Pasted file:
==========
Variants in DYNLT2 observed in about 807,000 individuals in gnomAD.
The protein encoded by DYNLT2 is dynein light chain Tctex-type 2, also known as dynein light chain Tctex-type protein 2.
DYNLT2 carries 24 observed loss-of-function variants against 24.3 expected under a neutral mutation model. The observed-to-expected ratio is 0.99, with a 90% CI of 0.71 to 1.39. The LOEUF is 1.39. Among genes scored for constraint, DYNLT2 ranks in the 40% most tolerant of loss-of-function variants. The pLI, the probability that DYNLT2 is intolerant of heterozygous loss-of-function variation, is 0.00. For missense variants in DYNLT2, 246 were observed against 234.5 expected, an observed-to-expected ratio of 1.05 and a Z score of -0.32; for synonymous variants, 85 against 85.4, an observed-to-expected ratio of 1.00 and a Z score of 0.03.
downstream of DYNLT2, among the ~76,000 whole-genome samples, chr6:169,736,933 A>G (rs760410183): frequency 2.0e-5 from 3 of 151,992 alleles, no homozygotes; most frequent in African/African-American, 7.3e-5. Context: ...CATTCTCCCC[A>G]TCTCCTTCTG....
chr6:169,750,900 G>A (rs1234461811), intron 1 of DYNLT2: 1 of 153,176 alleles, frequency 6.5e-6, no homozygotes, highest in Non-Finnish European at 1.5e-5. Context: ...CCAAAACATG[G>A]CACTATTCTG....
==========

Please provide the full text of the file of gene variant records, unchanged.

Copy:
Variants in DYNLT2 observed in about 807,000 individuals in gnomAD.
The protein encoded by DYNLT2 is dynein light chain Tctex-type 2, also known as dynein light chain Tctex-type protein 2.
DYNLT2 carries 24 observed loss-of-function variants against 24.3 expected under a neutral mutation model. The observed-to-expected ratio is 0.99, with a 90% CI of 0.71 to 1.39. The LOEUF is 1.39. Among genes scored for constraint, DYNLT2 ranks in the 40% most tolerant of loss-of-function variants. The pLI, the probability that DYNLT2 is intolerant of heterozygous loss-of-function variation, is 0.00. For missense variants in DYNLT2, 246 were observed against 234.5 expected, an observed-to-expected ratio of 1.05 and a Z score of -0.32; for synonymous variants, 85 against 85.4, an observed-to-expected ratio of 1.00 and a Z score of 0.03.
downstream of DYNLT2, among the ~76,000 whole-genome samples, chr6:169,736,933 A>G (rs760410183): frequency 2.0e-5 from 3 of 151,992 alleles, no homozygotes; most frequent in African/African-American, 7.3e-5. Context: ...CATTCTCCCC[A>G]TCTCCTTCTG....
chr6:169,750,900 G>A (rs1234461811), intron 1 of DYNLT2: 1 of 153,176 alleles, frequency 6.5e-6, no homozygotes, highest in Non-Finnish European at 1.5e-5. Context: ...CCAAAACATG[G>A]CACTATTCTG....